Ionised Hydrogen

Ionised hydrogen is positively charged, and results when a hydrogen atom loses its electron.

Ionised hydrogen, commonly called HII (pronounced H-two), is a hydrogen atom that has lost its electron and is now positively charged. It is easily detected at optical wavelengths as it releases a photon of wavelength 656.3 nm when it recaptures an electron and returns to its neutral state.

The Orion Nebula (M42) is possibly the most famous emission nebula. The red areas show regions of ionised hydrogen.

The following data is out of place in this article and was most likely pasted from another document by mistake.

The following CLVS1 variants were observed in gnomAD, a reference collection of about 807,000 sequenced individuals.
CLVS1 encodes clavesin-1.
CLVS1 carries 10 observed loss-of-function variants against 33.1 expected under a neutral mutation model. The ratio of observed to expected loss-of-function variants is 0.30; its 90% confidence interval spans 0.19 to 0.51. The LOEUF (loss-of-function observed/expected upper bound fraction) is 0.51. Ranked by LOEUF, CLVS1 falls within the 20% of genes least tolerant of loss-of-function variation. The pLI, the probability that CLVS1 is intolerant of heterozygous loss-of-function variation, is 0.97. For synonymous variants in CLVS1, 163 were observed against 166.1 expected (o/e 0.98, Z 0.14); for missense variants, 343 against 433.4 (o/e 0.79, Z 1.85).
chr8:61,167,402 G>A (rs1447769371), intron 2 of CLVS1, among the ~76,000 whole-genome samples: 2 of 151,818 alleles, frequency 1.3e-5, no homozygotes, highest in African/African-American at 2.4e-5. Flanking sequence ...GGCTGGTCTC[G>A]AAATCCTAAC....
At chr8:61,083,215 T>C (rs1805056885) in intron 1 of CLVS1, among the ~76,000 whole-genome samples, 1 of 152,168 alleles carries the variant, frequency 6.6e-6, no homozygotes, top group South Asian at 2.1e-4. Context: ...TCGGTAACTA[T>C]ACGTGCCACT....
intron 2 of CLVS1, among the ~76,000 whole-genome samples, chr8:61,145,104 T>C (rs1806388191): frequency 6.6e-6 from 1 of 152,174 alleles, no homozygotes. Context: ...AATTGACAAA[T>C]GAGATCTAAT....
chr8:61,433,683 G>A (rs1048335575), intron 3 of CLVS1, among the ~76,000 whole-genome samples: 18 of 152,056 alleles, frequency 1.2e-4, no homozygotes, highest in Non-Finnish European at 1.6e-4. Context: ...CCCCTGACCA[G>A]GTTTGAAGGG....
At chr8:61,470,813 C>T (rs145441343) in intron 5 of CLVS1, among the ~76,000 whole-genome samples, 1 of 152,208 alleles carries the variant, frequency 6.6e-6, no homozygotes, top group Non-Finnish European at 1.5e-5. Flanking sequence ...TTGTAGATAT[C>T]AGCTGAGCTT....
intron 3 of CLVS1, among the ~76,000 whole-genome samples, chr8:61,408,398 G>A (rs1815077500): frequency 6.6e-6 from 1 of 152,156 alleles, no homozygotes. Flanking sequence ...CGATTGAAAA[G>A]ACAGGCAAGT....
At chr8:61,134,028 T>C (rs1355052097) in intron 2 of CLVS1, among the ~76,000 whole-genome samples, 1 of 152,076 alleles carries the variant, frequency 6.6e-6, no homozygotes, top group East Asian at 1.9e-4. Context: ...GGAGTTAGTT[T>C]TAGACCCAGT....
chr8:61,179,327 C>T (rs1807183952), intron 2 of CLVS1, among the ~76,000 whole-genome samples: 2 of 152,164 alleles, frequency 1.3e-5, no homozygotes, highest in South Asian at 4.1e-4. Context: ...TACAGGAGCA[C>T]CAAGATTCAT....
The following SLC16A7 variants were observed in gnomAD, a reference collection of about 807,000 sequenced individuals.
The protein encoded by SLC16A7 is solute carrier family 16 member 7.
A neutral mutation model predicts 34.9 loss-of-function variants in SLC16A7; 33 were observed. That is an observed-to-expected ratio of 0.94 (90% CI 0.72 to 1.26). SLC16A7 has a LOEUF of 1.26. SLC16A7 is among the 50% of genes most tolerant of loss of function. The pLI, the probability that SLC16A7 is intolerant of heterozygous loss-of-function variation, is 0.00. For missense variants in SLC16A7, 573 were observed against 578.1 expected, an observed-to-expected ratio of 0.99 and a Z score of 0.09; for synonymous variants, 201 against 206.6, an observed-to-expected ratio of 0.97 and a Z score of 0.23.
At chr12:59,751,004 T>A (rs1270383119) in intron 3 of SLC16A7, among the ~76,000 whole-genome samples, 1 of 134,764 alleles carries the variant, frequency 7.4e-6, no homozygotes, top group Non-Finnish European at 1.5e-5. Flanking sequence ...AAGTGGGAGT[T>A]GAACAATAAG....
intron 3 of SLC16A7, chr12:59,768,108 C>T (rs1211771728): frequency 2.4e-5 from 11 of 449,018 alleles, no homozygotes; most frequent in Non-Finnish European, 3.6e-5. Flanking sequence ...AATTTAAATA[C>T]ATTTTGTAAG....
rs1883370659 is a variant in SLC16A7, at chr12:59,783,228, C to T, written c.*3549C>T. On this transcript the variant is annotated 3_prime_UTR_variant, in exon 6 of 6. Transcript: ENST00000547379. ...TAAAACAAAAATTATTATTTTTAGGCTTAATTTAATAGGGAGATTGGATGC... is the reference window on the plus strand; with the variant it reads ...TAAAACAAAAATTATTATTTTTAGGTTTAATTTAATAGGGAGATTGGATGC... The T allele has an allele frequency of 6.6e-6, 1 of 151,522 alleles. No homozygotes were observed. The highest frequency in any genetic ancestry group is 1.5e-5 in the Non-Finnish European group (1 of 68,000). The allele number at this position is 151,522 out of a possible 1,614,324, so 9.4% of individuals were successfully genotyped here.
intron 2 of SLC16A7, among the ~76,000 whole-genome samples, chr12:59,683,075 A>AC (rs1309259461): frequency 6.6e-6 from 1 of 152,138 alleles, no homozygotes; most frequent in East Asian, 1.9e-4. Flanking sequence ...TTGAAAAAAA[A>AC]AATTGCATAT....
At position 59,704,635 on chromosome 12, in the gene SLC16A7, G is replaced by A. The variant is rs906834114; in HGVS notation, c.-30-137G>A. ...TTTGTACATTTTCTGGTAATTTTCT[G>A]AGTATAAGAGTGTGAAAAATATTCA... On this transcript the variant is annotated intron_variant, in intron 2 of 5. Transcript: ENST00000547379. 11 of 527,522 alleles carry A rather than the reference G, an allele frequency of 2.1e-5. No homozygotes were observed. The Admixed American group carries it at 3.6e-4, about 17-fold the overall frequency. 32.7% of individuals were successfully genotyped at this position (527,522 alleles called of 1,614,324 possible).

Credit: AAO/David Malin

It exists througout galaxies as interstellar gas clouds called HII regions, or as part of the intercloud gas. However, the most spectacular manifestations of ionised hydrogen are the bright emission nebulae that occur when a cloud of neutral hydrogen is ionised by the UV radiation from young, massive stars.

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